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Euromonitor data on the illicit trade in cigarettes
  1. Evan Blecher1,
  2. Alex Liber1,
  3. Hana Ross1,
  4. Johanna Birckmayer2
  1. 1International Tobacco Control Research Program, American Cancer Society, Atlanta, Georgia, USA
  2. 2International Research, Campaign for Tobacco Free Kids, Washington, District of Columbia, USA
  1. Correspondence to Dr Evan Blecher, International Tobacco Control Research Program, American Cancer Society, 250 Williams Street NW, Atlanta, GA 30303, USA; evan.blecher{at}

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Euromonitor International is a well-known proprietary data source whose data regarding the global tobacco control community are available for purchase. Euromonitor presents country level data on most high-income countries, and many low-income and middle-income countries on tobacco production, consumption, trade and illicit trade as well as disaggregated data including prices and taxes and narratives on market conditions and tobacco control policy. Although mostly directed at the tobacco industry and allied users (ie, equity analysts), these data are also used by tobacco control researchers and advocates. Data are available from annual reports and from an online database, which are simultaneously updated. The authors subscribe to the data and use Euromonitor as a data source.

The illegal nature of illicit trade makes it intrinsically difficult to measure accurately. We have examined data on trends in illicit trade for specific countries published by Euromonitor from 1997 to 2012 and found striking inconsistencies between country-specific estimates for the same years published in different editions of the report. For example, figure 1 shows the percentage of the total cigarette market (ie, legal and illicit) that are illicit in South Africa published in 2002, 2005, 2007, 2011 and 20121–5 (we use the online database for the 2011 and 2012 editions and hard copy reports for older editions since the online database does not store all past editions).

Figure 1

Euromonitor estimates of illicit trade in South Africa. Source: Euromonitor International.1–5

The 2002 data show that the illicit market grew from 12.1% in 1997, peaking at 29.9% in 1999 and declining to 27.1% in 2001. Estimates in the 2005 report were markedly lower; for the two overlapping years, 2000 and 2001, the estimates were reduced from 28.4% and 27.1% to 1.9% and 2.2%, respectively. The 2005 report showed a consistently increasing trend in the illicit market through 2005, when it was estimated at 5.3%. While the 2007 report also showed increasing trends, the illicit market estimates were 2–3 times higher than estimates in the previous report. The Euromonitor data published in 2011 were similar to the 2007 data for the time periods that overlapped, with a steep increase from 2006 to 2010. In the most recent (2012) report, the estimate starts at a similar point in 1997 but increases at a slower pace than the 2007 and 2011 estimates.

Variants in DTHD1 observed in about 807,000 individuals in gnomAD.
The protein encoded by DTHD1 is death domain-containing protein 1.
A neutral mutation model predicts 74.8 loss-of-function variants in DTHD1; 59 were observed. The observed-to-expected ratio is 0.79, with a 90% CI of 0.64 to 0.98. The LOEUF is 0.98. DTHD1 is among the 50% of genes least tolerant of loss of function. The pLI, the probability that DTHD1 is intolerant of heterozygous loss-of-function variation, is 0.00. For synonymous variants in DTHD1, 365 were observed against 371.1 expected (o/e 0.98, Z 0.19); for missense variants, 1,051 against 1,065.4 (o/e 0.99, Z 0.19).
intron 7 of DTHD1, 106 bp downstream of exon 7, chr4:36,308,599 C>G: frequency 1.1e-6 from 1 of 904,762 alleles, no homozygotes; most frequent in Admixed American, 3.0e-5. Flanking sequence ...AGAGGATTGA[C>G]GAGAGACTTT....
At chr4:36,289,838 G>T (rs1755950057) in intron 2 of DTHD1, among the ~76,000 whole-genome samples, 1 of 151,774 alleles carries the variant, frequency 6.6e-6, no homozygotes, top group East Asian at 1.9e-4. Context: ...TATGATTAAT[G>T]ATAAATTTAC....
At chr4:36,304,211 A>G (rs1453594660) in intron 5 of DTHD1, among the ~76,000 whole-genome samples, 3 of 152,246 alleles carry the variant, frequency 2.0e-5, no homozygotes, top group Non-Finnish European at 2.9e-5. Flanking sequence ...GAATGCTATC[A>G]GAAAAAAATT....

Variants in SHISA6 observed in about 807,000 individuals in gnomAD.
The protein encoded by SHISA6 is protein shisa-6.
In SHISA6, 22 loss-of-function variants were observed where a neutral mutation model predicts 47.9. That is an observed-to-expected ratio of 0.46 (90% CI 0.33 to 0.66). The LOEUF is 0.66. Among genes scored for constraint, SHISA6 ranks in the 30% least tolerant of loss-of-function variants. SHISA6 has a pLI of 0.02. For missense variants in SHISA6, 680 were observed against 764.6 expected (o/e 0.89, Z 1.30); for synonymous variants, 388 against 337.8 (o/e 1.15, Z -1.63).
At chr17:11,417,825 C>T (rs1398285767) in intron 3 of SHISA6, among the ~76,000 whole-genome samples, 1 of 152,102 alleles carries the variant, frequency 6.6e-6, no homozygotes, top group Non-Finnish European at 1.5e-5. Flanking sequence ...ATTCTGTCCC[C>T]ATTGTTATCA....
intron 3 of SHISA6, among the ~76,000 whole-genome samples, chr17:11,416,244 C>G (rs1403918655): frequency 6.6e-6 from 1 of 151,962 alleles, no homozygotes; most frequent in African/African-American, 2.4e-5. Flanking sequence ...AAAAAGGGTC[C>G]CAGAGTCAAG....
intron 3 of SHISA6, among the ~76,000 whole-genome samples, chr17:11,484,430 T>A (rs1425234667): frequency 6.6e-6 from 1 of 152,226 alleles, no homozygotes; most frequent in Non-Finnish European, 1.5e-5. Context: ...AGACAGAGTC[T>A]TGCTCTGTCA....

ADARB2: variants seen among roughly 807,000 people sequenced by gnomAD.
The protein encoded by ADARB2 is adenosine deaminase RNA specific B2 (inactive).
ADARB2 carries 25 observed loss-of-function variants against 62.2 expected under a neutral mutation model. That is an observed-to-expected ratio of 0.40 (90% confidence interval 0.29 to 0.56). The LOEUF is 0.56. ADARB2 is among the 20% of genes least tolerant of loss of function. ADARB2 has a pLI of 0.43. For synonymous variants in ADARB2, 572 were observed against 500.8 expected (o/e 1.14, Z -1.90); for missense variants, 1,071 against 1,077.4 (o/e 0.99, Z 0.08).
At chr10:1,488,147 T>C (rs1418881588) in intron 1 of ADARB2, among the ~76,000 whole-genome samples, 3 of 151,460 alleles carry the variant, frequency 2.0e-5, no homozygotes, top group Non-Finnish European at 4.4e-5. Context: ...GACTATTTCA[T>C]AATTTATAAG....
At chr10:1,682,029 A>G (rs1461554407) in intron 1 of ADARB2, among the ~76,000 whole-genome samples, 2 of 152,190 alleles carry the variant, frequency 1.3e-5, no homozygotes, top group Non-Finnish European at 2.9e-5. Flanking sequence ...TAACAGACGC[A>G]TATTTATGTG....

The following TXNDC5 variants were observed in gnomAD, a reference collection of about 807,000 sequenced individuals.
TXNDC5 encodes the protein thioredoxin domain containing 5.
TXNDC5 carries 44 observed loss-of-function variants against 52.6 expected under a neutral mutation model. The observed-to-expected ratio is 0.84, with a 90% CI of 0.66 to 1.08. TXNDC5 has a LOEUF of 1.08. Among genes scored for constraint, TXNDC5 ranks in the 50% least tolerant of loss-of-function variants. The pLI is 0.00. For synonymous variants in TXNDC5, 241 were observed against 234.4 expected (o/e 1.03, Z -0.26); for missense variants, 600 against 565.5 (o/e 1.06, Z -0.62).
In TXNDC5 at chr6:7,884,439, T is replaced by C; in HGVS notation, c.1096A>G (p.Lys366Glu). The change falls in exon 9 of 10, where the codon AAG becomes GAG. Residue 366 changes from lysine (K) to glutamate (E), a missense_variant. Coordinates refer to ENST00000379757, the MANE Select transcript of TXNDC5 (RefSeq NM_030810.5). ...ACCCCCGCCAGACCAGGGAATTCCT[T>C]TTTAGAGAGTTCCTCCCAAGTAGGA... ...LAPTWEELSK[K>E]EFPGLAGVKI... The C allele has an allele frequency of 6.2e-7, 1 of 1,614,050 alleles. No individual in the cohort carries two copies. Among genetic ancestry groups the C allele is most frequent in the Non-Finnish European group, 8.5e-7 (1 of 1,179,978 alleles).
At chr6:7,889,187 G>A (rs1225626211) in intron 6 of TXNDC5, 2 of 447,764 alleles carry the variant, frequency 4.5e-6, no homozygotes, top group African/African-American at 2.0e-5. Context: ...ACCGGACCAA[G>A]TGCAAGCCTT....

Another country of concern is Mexico. Data published in the 2011 report show the illicit market increasing slowly from 3.5% in 1997 to 6.1% in 20104 (figure 2). The 2012 report shows the illicit market starting at 9.1% in 1997 (nearly three times the magnitude of the previous estimate) and increasing to 21.8% of the total market in 2011.5

Figure 2

Euromonitor estimates of illicit trade in Mexico. Source: Euromonitor International.4 ,5

The large discrepancies in annual illicit trade estimates for South Africa and Mexico published in successive editions of the Euromonitor reports are disturbing. Although the authors did not conduct a comprehensive review of all countries, similar inconsistencies are found with regard to other countries in the Euromonitor data, including Bulgaria, Guatemala and the United Arab Emirates. Euromonitor's tendency to exaggerate illicit trade estimates in Bulgaria has been observed by at least one study.6 Unfortunately, independent or official estimates of illicit trade are not available for most countries for comparison and no known official estimates are available for Mexico or South Africa. One independent estimate of illicit trade in South Africa confirms an upward trend but the increases are significantly lower than the Euromonitor estimates suggest.7

Euromonitor states the source of its illicit trade estimates as “official statistics, trade associations, trade press, trade interviews, [and] Euromonitor International estimates”.3 However, the methodology and sources used by Euromonitor are not well-documented, and the discrepancies across editions call into serious question the sources of data and methodology used to derive them.

Euromonitor's reliance on tobacco industry intelligence and an opaque modelling process may lead to biased estimates, especially if information provided by industry sources is influenced by their common narrative that increases in excise taxes cause increases in illicit trade.6 ,7 We recommend that investigators exercise increased caution in using Euromonitor data for studies on illicit trade and that new well-documented and verifiable methods are developed to monitor illicit trade that are not dependent on industry data.

What this paper adds

  • Illicit trade estimates published by Euromonitor are regularly used as a data source by the tobacco control community.

  • This paper shows that the reliability of these data is questionable and that users should be aware of these concerns.



  • Contributors All authors contributed to the development and writing of the manuscript.

  • Competing interests None.

  • Provenance and peer review Not commissioned; externally peer reviewed.